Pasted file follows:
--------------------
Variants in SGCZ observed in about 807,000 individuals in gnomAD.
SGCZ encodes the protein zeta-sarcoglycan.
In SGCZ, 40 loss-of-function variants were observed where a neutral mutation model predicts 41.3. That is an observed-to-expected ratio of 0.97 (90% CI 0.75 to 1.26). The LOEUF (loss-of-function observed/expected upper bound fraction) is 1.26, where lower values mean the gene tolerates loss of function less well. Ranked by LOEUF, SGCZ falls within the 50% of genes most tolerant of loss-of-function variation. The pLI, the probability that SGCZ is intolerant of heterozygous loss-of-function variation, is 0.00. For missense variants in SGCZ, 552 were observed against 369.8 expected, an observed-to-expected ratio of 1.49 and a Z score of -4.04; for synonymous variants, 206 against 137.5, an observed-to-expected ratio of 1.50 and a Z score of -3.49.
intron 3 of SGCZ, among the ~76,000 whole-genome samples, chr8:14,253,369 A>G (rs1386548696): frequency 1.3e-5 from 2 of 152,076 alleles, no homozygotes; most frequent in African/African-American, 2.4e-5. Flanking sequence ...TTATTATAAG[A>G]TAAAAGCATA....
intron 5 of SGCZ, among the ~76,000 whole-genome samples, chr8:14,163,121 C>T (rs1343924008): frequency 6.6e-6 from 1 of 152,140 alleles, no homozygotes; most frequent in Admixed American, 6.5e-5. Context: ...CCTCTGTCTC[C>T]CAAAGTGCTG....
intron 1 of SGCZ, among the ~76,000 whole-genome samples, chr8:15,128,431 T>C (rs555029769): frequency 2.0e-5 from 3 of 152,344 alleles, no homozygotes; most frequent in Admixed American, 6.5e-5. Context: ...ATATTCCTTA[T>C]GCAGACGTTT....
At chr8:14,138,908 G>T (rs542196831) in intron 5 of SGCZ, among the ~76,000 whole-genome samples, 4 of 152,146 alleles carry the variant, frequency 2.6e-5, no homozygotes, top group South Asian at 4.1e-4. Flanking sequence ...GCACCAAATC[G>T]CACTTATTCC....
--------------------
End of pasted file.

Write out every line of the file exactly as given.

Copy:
Variants in SGCZ observed in about 807,000 individuals in gnomAD.
SGCZ encodes the protein zeta-sarcoglycan.
In SGCZ, 40 loss-of-function variants were observed where a neutral mutation model predicts 41.3. That is an observed-to-expected ratio of 0.97 (90% CI 0.75 to 1.26). The LOEUF (loss-of-function observed/expected upper bound fraction) is 1.26, where lower values mean the gene tolerates loss of function less well. Ranked by LOEUF, SGCZ falls within the 50% of genes most tolerant of loss-of-function variation. The pLI, the probability that SGCZ is intolerant of heterozygous loss-of-function variation, is 0.00. For missense variants in SGCZ, 552 were observed against 369.8 expected, an observed-to-expected ratio of 1.49 and a Z score of -4.04; for synonymous variants, 206 against 137.5, an observed-to-expected ratio of 1.50 and a Z score of -3.49.
intron 3 of SGCZ, among the ~76,000 whole-genome samples, chr8:14,253,369 A>G (rs1386548696): frequency 1.3e-5 from 2 of 152,076 alleles, no homozygotes; most frequent in African/African-American, 2.4e-5. Flanking sequence ...TTATTATAAG[A>G]TAAAAGCATA....
intron 5 of SGCZ, among the ~76,000 whole-genome samples, chr8:14,163,121 C>T (rs1343924008): frequency 6.6e-6 from 1 of 152,140 alleles, no homozygotes; most frequent in Admixed American, 6.5e-5. Context: ...CCTCTGTCTC[C>T]CAAAGTGCTG....
intron 1 of SGCZ, among the ~76,000 whole-genome samples, chr8:15,128,431 T>C (rs555029769): frequency 2.0e-5 from 3 of 152,344 alleles, no homozygotes; most frequent in Admixed American, 6.5e-5. Context: ...ATATTCCTTA[T>C]GCAGACGTTT....
At chr8:14,138,908 G>T (rs542196831) in intron 5 of SGCZ, among the ~76,000 whole-genome samples, 4 of 152,146 alleles carry the variant, frequency 2.6e-5, no homozygotes, top group South Asian at 4.1e-4. Flanking sequence ...GCACCAAATC[G>T]CACTTATTCC....